A stuck window is just the kind of problem that you may not even be conscious of until a solution is pressing: Either you need to open the window for ventilation, or cold weather or rain imply you must shut that window instantly. Everything from paint to a house that is settling can cause that window to stick. On the other hand, the solutions you want to fix the problem are probably already on hand.
A Hairy Situation
Humidity has the exact same impact on a few wood-framed windows as it does on hair: flux produces the window uncontrollable. The solution for this problem also comes with a hair-related solution: a hair dryer. If the window timber has swelled and put the window to an immobile place, objective a hairdryer set to reduced heat at the sash along the window frame on either side till the swelling has decreased slightly. Wiggle the window a little until it is free of charge.
Oops, It’s Coated in Paint
If a window frame is painted in haste, rather than its parts being painted separately to avoid sticking, then it is possible that paint sealed that window shut. Gently slide a craft knife or utility knife between the window sash and the stop — the vertical trim piece on either side — to split the paint free. It’s possible the paint problem is about the exterior, so check the outside as well, if you can. Use care not to affect the timber itself, if managing timber, as some timber is soft enough to become dented or cut in this procedure. If this occurs, sand these areas gently with a fine-grit sanding block.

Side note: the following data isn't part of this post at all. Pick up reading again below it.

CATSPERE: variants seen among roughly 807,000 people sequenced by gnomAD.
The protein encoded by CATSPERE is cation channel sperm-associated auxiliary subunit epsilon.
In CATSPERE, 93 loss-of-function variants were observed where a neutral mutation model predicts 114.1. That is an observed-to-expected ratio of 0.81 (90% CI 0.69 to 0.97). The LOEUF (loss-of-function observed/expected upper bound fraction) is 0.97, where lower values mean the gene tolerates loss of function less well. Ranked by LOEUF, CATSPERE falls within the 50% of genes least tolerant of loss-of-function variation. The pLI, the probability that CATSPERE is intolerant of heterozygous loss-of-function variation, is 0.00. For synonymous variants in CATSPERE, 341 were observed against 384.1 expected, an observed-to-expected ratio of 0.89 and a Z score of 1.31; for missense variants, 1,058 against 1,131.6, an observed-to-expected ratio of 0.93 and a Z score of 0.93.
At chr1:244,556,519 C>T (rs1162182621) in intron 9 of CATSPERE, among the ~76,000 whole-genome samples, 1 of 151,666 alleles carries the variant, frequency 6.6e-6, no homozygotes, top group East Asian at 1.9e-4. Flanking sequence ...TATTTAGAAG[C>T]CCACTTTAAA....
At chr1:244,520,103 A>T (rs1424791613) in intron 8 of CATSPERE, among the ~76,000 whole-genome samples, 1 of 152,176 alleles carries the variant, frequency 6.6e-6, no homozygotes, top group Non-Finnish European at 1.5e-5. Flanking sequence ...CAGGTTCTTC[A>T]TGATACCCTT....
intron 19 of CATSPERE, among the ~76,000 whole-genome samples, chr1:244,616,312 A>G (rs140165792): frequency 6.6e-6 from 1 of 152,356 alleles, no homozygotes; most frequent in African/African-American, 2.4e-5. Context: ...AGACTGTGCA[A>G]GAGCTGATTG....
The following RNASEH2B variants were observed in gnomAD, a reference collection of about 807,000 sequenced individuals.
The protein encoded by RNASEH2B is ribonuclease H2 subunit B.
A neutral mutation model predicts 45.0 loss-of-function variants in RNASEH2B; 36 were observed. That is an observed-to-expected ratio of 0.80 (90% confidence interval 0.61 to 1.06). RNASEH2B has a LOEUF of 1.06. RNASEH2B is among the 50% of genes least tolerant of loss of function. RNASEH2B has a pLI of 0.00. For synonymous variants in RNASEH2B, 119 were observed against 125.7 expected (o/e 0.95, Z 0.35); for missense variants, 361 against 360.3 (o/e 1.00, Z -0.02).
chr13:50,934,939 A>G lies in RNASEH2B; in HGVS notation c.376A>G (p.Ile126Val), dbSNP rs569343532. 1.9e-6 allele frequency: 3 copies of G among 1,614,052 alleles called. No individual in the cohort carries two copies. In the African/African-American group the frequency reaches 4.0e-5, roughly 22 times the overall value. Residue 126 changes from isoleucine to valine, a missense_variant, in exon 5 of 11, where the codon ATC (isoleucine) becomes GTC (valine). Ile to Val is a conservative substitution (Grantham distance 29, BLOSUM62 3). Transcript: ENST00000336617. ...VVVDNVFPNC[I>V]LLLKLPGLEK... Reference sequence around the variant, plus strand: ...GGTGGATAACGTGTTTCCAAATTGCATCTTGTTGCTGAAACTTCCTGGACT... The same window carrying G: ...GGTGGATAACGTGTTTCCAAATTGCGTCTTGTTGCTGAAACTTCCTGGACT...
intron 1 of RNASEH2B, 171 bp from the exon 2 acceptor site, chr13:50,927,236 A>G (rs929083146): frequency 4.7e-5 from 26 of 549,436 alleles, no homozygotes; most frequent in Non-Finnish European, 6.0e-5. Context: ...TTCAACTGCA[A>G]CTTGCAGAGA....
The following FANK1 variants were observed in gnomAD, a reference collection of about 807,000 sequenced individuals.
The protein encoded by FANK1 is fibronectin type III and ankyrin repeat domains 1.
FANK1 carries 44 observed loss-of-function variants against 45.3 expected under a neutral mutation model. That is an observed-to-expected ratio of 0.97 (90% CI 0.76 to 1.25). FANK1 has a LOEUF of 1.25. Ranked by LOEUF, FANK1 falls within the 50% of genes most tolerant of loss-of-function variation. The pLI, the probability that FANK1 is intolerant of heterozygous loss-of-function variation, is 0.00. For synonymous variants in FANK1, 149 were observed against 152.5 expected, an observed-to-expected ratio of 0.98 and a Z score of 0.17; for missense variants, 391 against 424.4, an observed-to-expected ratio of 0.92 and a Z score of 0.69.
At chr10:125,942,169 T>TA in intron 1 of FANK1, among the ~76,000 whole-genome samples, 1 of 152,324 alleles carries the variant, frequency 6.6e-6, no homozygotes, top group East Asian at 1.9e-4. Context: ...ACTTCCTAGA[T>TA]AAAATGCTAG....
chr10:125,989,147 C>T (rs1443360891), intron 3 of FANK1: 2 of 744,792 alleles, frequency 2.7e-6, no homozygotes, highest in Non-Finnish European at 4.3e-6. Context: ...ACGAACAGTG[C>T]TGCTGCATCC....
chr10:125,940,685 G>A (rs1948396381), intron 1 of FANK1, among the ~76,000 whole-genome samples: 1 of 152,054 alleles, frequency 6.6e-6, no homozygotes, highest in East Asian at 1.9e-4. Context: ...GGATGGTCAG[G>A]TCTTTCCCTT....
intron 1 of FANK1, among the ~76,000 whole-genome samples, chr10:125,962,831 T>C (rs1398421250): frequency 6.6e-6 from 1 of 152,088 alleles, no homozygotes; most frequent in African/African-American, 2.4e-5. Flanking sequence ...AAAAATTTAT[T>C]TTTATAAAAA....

It’s Truly Stuck
If the window is stuck and paint doesn’t appear to be the culprit, you might need to resort to more aggressive steps. First, remove the stops along all sides of the window indoors by prying them loose or unscrewing them. Wiggle the window to find out whether it will move; this might be all that is required. When it’s still stuck, then tap on a thin chisel or putty knife with a mallet across the bottom edge of the window outside, or inside if you do not have access to the exterior of this window. Repeat the procedure along the faces of the window as well, if the window still doesn’t move.
If that window stuck after, there’s a good chance it’ll stick again, especially if it’s a vintage wood window in an old home. Smooth any burrs, snags or splinters along the tracks the window fits in to having a sanding block. A sanding block flexes to contours, making it perfect for this use. Rub the smoothed surface down with wax to help the window glide better; perform this together with the window in the closed and open positions to coat the whole track.